Judah Leib Gordon

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Judah Leib Gordon.

Judah Leib (Ben Asher) Gordon, also known as Leon Gordon, (December 7, 1830, Vilnius, Lithuania – September 16, 1892, St. Petersburg, Russia) (Hebrew: יהודה לייב גורדון) was among the most important Hebrew poets of the Jewish Enlightenment.

Gordon was born to well-to-do Jewish parents who owned a hotel in Vilnius. As a privileged child, he was able to study Torah with some of the great educators of the city, and soon proved to be an exceptional student. He had already mastered the entire Bible by the age of eleven, and was fluent in hundreds of pages of Talmud. Matters took a sharp turn when Gordon was fourteen, and his father went bankrupt. Unable to finance his son's education any longer, the younger Gordon began a course of independent study on one of the many study halls in the city. In just three years, he had mastered almost the entire Talmud and dozens of other religious texts. By that time, however, he was also drawn by the spirit of the Enlightenment that was sweeping across the city. He began reading secular literature and learning foreign languages, and he befriended some of the leading Enlightenment figures of the time, including Kalman Shulman, the poet Abraham Dob Bär Lebensohn and his son Micah Joseph Lebensohn.

With the financial situation deteriorating at home, Gordon, then twenty-two, decided it was time for him to pursue a career. He received a teaching certificate from the local rabbinical college, and became a school teacher in some of the smaller towns that housed major yeshivas, including Ponivezh and Telz. During the twenty years he spent as a teacher, he produced his most important work as a poet and author. Having an established reputation, he was invited by the Jewish community of Saint Petersburg to serve as secretary of the community and of the Society for the Spread of Enlightenment among the Jews of Russia. He died in Saint Petersburg in 1892.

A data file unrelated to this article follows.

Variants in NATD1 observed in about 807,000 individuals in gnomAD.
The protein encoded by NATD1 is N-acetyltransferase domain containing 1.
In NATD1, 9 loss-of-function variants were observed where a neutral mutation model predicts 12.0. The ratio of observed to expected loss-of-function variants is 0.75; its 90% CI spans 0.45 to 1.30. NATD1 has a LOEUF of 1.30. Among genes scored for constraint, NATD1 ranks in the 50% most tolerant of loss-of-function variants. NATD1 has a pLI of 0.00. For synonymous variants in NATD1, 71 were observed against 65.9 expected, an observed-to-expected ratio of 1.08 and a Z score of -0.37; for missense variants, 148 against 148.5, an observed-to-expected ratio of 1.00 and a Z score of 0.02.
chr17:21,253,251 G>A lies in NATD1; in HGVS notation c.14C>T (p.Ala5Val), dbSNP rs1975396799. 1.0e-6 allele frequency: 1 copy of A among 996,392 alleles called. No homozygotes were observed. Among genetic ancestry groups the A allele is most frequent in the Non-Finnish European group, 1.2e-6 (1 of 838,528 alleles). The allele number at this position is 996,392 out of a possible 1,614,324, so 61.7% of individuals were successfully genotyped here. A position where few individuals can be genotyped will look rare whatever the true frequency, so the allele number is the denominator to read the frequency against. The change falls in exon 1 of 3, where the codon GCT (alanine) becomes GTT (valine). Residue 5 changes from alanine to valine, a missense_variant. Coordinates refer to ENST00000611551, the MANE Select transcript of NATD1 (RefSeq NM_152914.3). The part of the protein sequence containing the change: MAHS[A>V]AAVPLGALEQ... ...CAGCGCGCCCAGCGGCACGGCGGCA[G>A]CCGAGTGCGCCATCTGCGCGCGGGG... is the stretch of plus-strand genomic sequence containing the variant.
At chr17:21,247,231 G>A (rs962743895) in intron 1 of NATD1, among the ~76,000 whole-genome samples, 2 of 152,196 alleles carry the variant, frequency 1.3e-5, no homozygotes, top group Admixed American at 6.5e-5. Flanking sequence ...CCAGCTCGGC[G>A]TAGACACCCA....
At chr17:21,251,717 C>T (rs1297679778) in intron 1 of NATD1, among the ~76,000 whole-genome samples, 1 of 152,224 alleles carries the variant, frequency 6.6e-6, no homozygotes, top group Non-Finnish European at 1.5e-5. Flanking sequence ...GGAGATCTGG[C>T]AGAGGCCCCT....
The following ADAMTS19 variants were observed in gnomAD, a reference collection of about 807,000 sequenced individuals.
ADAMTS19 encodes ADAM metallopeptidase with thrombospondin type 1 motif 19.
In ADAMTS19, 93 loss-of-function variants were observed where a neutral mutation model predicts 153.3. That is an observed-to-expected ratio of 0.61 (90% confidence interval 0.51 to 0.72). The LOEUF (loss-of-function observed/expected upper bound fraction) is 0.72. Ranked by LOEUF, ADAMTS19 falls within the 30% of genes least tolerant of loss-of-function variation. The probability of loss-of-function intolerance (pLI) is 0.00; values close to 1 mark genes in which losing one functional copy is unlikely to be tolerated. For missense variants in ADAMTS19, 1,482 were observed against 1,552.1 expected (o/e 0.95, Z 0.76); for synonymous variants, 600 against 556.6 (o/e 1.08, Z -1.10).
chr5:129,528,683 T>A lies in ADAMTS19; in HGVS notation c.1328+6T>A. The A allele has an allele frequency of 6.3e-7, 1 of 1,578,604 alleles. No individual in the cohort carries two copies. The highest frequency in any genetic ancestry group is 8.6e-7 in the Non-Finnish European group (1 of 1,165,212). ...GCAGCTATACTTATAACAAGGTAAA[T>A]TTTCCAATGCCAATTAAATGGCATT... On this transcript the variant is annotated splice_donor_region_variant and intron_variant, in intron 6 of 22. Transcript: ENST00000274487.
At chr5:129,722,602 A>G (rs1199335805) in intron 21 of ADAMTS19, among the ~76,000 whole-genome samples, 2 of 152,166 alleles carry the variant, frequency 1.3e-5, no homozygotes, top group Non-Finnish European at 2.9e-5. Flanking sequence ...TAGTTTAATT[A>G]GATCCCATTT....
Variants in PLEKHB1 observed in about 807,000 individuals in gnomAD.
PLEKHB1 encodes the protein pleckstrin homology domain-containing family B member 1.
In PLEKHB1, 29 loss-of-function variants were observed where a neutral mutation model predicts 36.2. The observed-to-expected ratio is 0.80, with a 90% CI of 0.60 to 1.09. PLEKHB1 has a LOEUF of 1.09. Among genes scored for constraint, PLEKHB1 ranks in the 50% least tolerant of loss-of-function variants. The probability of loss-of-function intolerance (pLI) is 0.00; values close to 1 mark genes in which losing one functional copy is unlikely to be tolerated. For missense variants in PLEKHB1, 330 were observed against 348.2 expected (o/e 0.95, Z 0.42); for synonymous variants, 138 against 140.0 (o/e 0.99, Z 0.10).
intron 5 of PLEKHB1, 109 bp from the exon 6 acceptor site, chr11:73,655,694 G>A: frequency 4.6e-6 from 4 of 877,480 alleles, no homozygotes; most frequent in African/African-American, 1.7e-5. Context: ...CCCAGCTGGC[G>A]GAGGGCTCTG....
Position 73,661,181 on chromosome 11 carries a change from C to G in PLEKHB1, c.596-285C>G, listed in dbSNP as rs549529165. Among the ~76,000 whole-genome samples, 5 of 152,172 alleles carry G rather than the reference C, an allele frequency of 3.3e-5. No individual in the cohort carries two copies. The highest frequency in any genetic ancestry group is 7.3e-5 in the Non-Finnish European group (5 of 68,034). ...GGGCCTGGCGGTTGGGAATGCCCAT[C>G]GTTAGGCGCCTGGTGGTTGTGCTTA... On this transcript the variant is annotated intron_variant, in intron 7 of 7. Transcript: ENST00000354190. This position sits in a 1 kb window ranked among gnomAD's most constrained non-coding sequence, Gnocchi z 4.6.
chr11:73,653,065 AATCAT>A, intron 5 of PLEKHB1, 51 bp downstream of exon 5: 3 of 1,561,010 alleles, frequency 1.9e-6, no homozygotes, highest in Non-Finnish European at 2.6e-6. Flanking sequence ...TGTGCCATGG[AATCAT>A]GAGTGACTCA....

Gordon took a leading part in the modern revival of the Hebrew language and culture. His satires did much to rouse the Russian Jews to a new sense of the reality of life, and Gordon was the apostle of enlightenment in the Ghettos. His Hebrew style is classical and pure. Much of his poetry revolves around biblical and historical themes. These include The Love of David and Michal (1857), King Zedekiah in Prison (1879), Judah's Parables (1859), David and Barzilai, Osenath, Daughter of Potiphera, From between the Lion's Teeth, and From the Depths of the Sea. The works were intended to disseminate Enlightenment values and had a profound impact on Jewish life. Many feel his romantic works lack the same militancy of his poetic works, though his advocacy resurfaces in his realistic novels. Gordon also published collections of fables, most of them translated. In works such as "Little Fables for Big Children", he continues to advocate for the adoption of Enlightenment values, as he does in his memoirs, published in the last year of his life. Among his other writing on social issues is The Point on Top of the Yod, dealing with the rights of women. His poems were collected in four volumes, Kol Shire Yehudah (St. Petersburg, 1883–1884); his novels in Kol Kitbe Yehuda (Collected Writings of Gordon, Odessa, 1889).

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Stanislawski, Michael: "For Whom Do I Toil?" Judah Leib Gordon and the Crisis of Russian Jewry, New York/Oxford 1988.